Uber officially files to go public

Uber has officially filed for an initial public offering (IPO), according to documents submitted to the Securities and Exchange Commission (SEC) and released Thursday.

The ride-sharing giant did not say at what price it initially plans to list its shares, but said the IPO should be approved "as soon as practicable" after the registration's filing.

According to the prospectus documents, Uber will list on the New York Stock Exchange (NYSE) under the ticker symbol UBER.

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Banks underwriting the offering include Morgan Stanley, Goldman Sachs, Bank of America Merrill Lynch, Barclays, Citigroup and Allen & Company, among others.

The company reportedly confidentially filed to be publicly tradeable in December.

The Wall Street Journal reported late last year that the company’s banking advisers had suggested the ride-hailing firm could go public at a valuation of $120 billion.

Uber’s filing comes about two weeks after ride-sharing rival Lyft debuted on the public markets.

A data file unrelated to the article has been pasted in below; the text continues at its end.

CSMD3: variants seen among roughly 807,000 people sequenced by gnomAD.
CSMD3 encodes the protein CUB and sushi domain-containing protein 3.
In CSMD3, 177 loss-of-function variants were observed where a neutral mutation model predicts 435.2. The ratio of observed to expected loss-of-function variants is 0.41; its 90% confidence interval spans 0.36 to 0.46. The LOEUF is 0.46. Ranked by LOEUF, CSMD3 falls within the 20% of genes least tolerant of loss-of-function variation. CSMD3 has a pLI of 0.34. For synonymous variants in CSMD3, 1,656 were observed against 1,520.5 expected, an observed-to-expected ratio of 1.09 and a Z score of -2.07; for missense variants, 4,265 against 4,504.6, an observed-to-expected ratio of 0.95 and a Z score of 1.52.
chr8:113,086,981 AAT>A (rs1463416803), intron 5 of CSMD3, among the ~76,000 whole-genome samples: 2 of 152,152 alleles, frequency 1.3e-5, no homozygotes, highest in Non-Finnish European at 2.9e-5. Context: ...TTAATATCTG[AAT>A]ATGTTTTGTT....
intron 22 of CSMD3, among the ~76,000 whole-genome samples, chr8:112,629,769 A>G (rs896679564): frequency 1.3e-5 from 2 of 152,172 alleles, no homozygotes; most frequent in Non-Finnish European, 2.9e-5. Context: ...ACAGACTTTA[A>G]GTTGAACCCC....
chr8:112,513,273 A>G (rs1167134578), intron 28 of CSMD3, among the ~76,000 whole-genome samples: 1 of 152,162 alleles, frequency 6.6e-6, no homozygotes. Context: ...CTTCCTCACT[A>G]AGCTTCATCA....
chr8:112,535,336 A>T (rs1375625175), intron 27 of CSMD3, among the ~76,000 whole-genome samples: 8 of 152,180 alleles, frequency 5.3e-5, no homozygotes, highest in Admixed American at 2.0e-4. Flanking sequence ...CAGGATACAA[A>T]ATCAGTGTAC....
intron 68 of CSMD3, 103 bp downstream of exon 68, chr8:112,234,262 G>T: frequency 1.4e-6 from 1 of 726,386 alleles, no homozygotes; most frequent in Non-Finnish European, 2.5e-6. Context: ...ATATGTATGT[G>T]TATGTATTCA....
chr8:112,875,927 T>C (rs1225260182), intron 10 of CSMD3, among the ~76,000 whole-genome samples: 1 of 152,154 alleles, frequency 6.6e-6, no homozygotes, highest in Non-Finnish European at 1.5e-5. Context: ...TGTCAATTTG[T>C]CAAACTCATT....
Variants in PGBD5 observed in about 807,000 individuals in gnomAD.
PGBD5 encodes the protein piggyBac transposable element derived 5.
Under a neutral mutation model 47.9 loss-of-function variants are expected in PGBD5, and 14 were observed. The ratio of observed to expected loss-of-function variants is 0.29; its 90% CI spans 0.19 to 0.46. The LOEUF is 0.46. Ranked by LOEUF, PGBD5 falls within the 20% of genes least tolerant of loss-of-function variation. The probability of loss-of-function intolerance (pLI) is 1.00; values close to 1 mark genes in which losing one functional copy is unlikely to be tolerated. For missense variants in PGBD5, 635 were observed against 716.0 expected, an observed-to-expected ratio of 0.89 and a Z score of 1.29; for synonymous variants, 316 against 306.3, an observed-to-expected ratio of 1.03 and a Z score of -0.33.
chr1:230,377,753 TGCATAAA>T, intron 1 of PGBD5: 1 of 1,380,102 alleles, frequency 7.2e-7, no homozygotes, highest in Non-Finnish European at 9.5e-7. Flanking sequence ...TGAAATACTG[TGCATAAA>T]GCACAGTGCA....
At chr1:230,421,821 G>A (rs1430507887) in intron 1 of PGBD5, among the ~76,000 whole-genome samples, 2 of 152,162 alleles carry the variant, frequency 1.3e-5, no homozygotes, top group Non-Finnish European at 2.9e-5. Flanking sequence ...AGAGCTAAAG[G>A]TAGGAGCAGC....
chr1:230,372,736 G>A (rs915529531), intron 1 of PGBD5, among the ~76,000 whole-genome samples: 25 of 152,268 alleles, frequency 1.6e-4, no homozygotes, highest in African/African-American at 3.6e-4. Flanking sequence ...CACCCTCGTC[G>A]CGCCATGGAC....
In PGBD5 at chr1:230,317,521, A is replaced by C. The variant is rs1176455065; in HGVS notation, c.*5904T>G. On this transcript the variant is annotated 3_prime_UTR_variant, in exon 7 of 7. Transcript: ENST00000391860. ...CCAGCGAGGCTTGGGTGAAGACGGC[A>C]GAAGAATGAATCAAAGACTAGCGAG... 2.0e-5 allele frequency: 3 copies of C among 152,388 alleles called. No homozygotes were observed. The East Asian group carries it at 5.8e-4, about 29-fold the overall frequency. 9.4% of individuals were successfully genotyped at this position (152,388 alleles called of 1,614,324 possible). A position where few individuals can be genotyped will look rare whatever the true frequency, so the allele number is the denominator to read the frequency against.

Uber in the documents said by the end of 2018, its revenue reached $11.3 billion, with 91 million users on its platforms and 1.5 billion trips taken.

But the company's operating losses last year totaled $1.8 billion.

"We have incurred significant losses since inception, including in the United States and other major markets," the documents state, spelling out Uber's investment risks. "We expect our operating expenses to increase significantly in the foreseeable future, and we may not achieve profitability."

The company is also warning that it could face data privacy breaches in the future.

Uber and Lyft have been under scrutiny following a series of controversies over passenger safety and how the companies treat their drivers.

Lyft’s shares plunged over 20 percent in the company’s first week on the market, which is expected to effect how investors view Uber’s initial price point.